On the role of tobacco flavors in e-cigarettes, a 2017 study noted in older adults “use of an e-cigarette flavored with something other than tobacco (69.3%) was … significantly higher than the same at initiation (44.1%).” Similar to the most recent survey of adult vapers, this indicates that older users of electronic cigarettes first used tobacco flavored e-liquids and products, and then transitioned to other flavors, which helped their cessation of combustible cigarettes. Eliminating flavors will force these individuals to vape only tobacco-flavored e-cigarettes, which would likely cause them to return to combustible cigarettes.

The findings are significant as FDA, Congress, and state and local governments attempt to limit the use of e-cigarettes and vaping devices, also known as tobacco harm reduction (THR) products. In the addition to e-cigarettes, smokeless tobacco and snus, and heat-not-burn devices make up the vast majority of THR products that effectively deliver nicotine without the harmful constituents associated with combustible cigarettes.

Numerous public health organizations including Public Health England, the Royal College of Physicians, American Cancer Society, the National Academies of Sciences, Engineering, and Medicine, and FDA have acknowledged the reduced harm of e-cigarettes and vaping devices.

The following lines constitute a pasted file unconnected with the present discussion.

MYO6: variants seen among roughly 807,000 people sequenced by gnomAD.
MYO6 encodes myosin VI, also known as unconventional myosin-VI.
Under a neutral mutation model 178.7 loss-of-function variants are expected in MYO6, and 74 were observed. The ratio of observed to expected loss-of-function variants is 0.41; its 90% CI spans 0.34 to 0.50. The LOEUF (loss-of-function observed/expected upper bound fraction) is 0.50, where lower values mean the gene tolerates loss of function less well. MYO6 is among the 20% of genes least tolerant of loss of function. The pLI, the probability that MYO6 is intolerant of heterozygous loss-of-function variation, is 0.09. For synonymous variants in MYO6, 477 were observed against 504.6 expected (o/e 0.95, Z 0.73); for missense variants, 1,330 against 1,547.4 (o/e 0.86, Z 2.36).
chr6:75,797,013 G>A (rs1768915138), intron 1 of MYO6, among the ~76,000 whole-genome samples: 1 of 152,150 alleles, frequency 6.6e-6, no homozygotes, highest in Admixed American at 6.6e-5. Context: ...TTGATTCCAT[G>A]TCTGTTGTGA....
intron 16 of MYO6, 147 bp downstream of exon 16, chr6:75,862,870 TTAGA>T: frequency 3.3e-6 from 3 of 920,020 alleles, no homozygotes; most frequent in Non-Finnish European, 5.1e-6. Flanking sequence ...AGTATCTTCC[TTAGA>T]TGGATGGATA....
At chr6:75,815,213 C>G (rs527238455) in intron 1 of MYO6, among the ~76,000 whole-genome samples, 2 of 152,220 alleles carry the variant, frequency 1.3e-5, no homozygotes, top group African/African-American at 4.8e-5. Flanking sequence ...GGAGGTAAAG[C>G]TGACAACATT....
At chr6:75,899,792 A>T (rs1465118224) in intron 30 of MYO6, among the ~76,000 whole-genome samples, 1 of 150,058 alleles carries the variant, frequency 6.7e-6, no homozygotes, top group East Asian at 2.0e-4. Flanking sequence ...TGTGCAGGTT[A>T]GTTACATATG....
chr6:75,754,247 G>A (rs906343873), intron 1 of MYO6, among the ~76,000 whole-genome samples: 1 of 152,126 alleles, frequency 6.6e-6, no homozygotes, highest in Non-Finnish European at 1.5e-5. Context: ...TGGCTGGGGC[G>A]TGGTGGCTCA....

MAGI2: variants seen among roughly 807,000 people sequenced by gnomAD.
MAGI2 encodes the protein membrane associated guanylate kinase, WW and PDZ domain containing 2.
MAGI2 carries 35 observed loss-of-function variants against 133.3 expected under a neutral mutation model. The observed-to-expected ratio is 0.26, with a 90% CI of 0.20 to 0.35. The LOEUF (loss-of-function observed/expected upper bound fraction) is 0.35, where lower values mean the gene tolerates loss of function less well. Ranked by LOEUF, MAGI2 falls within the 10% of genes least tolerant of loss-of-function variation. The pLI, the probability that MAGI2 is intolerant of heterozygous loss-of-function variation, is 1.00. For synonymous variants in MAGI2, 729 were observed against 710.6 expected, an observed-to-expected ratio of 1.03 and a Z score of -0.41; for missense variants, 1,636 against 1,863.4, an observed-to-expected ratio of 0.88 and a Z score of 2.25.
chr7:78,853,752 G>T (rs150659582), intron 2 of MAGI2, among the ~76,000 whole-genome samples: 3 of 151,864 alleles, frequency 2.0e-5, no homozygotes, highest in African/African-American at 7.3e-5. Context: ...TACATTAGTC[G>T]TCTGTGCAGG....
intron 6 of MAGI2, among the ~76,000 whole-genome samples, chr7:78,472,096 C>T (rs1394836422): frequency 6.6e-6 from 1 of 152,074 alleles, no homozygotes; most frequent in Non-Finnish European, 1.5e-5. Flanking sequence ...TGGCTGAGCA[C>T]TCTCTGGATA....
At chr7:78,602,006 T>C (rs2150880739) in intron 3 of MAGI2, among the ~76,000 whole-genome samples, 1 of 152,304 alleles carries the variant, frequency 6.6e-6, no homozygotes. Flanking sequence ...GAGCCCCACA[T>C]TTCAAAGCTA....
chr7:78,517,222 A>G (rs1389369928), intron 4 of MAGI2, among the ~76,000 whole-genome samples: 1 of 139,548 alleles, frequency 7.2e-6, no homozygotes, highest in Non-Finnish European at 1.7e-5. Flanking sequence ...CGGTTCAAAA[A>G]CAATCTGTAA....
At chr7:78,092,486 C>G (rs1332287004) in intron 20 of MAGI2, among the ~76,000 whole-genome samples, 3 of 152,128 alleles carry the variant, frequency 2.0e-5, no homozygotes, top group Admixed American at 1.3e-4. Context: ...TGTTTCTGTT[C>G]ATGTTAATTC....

Evidence also suggests these products can mitigate health care costs associated with combustible cigarettes. State Budget Solutions concluded that estimated Medicaid savings could have amounted to $48 billion in 2012 if e-cigarettes had been substituted by current Medicaid smokers. In 2017, the R Street Institute analyzed “1% of smokers [within] demographic groups permanently switching.” Applying the analysis to Medicaid recipients, the author estimated savings “will be approximately $2.8 billion per 1 percent of [Medicaid] enrollees” over the next 25 years.

In addition to FDA, Congress is proposing legislation that would restrict flavors in e-cigarettes. Some localities have enforced or are in the process of imposing bans on flavors in tobacco products—including e-cigarettes and menthol in combustible cigarettes.